In other words, there can be no knowledge or epistemology independent of science, since science defines or is the criterion of what counts as knowledge or epistemology. But as stated this is merely a claim; and a circular one : all knowledge or epistemology is science since what isn't science isn't knowledge or epistemology. This is, or is meant to be, an impenetrable circle. And indeed the circle is impenetrable if we allow a proponent of scientism to stipulate the use or meaning of terms in this way. But short of argument for it, we have no reason to accept the stipulation.

Social constructionism

A different response to scientism is offered by social constructionist positions. Such positions seek to undermine the independent status of science as the arbiter of knowledge and epistemology by the rug-pull of arguing that what counts as science is itself a decision made by social actors. Science is a social reality but social realities are framed by social actors and have no autonomous existence.

I am not so much opposed to social constructionism as uncertain what, if accepted, it proves. But it seems to me to contain an important element of truth. It is a matter of social determination or decision what counts, for instance, as the activity of being a historian, or that of an archaeologist, or that of a politician. Not necessarily of easy or clear-cut decision, but still of social decision. I don't see why the same should not be true of the activity of being a scientist. In which case, not all knowledge is scientific knowledge since the knowledge that someone is a scientist or that some inquiry or activity is scientific is not itself scientific but embodies a social decision : and a decision is not knowledge.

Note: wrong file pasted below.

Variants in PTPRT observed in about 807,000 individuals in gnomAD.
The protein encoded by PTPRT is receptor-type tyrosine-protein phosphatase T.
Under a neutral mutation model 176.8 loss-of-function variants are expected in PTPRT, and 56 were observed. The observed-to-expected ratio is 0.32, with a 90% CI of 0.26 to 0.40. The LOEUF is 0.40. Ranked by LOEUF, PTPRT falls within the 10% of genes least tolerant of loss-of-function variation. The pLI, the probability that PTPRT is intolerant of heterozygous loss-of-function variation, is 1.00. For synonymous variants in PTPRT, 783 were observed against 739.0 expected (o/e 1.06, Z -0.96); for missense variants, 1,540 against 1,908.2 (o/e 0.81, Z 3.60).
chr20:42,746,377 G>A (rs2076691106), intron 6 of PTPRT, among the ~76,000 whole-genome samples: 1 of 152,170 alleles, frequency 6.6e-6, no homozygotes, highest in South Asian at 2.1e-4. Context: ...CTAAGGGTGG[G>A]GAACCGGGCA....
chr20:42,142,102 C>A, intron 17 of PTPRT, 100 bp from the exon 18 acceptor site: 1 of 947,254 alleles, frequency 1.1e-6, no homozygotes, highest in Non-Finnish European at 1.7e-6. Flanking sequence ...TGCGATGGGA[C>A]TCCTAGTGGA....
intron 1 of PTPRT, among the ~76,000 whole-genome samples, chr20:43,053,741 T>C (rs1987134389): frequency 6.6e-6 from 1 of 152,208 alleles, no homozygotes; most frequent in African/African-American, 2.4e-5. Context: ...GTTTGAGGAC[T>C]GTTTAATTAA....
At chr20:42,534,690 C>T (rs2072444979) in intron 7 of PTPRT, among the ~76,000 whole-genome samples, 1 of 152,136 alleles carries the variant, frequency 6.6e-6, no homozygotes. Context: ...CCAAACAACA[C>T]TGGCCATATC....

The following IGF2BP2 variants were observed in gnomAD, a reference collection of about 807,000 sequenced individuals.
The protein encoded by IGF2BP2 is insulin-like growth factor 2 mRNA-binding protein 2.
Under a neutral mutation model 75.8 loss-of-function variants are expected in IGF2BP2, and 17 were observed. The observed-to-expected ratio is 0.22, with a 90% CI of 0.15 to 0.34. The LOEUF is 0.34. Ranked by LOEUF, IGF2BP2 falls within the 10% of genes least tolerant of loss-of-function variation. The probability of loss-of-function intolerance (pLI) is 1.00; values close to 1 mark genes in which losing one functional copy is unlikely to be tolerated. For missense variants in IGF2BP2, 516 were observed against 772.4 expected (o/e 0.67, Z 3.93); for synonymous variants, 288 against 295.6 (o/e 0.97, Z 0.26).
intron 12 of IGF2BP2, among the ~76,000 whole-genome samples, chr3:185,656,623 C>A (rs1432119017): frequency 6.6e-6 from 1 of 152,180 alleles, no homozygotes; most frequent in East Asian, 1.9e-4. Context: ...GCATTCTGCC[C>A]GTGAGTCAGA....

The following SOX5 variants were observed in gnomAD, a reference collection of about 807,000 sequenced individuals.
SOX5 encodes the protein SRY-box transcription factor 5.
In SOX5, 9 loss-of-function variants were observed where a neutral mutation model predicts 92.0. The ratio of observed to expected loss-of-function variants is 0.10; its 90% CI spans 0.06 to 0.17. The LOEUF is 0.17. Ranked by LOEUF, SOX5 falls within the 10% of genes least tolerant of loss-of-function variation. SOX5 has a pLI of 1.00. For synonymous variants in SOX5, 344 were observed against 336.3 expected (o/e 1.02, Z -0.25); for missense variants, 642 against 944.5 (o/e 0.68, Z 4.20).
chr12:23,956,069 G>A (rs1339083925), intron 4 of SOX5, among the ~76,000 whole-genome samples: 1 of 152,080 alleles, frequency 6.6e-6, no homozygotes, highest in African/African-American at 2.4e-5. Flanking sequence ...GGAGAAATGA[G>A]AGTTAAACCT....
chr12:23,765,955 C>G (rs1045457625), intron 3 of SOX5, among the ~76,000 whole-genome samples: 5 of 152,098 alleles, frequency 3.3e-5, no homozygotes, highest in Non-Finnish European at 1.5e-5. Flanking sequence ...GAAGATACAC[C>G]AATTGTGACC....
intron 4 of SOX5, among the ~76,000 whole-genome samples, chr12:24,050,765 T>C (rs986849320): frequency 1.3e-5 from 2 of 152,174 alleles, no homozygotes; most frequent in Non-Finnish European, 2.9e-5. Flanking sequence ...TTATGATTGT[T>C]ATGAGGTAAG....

On social constructionism see :

Steve Fuller, Science (Concepts in Social Thought), ISBN 10: 0816631247 / ISBN 13: 9780816631247. Published by University of Minnesota Press, 1997

Ian Hacking, The Social Construction of What?, ISBN 10: 0674004124 / ISBN 13: 9780674004122. Published by Harvard University Press, 1999.